Look at who McCain's top foreign-policy advisor is. Look at his reflexively bellicose response to the Russa/Georgia flare-up. Look at his unwavering support for the Iraq War and his grandiose definition of victory there. Look at his disdain for the idea of negotiation with Iran, Syria, North Korea -- countries with whom even the Bush administration has opened lines of communication.

Now name one foreign-policy situation -- just one -- since Sept. 11, 2001 on which John McCain has taken the realist position. (An anonymous McCain adviser cites the senator's laudable role in the normalization of relations with Vietnam -- an effort that peaked in January, 1993.)

Sanger writes that McCain "defies easy categorization. His threat to throw Russia out of the Group of Eight industrial nations went far beyond anything Mr. Bush has said, and he has often sounded more hard line than Mr. Bush about doing whatever it takes to stop Iran from obtaining a nuclear weapon." This is like saying that Jesse Helms "defied easy categorization" because he opposed school integration, the Civil Rights Act, and Martin Luther King Day. McCain's foreign policy, in fact, invites easy characterization, and only the shreds of his reputation as a "maverick" could lead any journalist to think otherwise.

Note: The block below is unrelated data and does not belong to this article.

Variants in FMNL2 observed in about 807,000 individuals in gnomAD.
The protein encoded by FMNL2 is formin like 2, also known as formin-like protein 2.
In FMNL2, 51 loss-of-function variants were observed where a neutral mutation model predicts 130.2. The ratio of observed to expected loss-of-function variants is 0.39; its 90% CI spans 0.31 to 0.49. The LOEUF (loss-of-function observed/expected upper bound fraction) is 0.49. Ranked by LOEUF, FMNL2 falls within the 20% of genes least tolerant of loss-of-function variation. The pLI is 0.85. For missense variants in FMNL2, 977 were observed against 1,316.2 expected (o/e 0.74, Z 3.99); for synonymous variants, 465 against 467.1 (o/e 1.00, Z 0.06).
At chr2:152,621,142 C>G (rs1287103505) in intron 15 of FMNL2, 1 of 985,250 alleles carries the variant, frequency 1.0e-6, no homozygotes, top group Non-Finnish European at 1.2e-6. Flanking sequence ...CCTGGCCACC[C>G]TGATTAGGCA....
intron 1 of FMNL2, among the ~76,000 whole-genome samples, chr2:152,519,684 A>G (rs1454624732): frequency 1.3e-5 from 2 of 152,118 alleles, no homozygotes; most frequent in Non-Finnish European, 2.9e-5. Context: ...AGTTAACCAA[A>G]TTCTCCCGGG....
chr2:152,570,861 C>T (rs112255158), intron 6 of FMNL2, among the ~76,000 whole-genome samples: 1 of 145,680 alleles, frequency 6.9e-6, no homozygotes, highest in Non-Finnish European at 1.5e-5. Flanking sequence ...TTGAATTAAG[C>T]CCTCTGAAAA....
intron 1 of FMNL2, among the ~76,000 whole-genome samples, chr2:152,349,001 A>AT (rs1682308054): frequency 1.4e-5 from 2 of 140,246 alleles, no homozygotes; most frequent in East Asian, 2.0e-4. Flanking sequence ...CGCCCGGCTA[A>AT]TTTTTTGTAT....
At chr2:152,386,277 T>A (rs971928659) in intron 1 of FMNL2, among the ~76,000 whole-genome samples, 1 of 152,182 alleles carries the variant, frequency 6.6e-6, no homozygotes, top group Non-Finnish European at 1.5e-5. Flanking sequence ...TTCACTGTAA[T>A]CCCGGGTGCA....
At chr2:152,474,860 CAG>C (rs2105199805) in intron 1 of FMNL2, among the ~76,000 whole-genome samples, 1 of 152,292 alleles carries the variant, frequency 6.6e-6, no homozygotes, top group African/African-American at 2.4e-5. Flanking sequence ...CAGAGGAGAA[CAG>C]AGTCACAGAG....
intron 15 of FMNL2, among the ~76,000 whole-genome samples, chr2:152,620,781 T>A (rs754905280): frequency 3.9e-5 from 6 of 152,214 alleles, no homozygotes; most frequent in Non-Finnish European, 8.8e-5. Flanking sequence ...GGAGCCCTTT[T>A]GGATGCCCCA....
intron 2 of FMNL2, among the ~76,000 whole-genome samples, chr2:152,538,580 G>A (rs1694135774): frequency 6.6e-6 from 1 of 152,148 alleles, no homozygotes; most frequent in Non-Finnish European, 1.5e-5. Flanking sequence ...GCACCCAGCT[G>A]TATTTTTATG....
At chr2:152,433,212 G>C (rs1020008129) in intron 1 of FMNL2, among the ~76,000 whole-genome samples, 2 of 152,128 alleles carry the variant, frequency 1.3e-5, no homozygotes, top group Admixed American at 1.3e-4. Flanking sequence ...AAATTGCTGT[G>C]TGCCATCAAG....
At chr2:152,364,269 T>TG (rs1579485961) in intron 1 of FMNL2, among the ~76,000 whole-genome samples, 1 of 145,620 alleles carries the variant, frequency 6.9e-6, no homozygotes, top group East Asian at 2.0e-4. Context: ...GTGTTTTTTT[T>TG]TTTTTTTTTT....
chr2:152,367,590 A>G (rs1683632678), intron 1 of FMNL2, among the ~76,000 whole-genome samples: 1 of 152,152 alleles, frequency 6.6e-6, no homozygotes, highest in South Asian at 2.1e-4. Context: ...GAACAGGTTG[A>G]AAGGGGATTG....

Link rodeo

  • I'd always kind of wondered what "vetting" really entails. Clinton-era labor secretary Robert Reich explains.
  • Disappointment of the day: Seth Schiesel is down on Spore's gameplay.
  • Yglesias on "energy independence": "What you’re hearing here is a bit of political opportunism from progressives coming back to blow up in our faces."
  • "Low self-esteem, creative, not hard working, not gentle": What your musical taste says about your personality. (It seems to me that if they didn't correct for demographics, this study is basically worthless.)
  • Un-frackin'-believable experiment on the neurology of memory.
  • This is kind of fun! Maybe I should start a tumblr!
  • My last tumblr lasted exactly one week, but it may have been too narrow in focus to sustain my interest.


Brilliant. [via]


Haven't tried Google's new browser because, you know, Mac blah blah. Scott McCloud's comic is good, though. Smartest comment so far: Siracusa.


How long until we hear the suggestion (probably from David Brooks) that John McCain didn't really want to pick Palin but those other Republicans, the nasty ones, made him?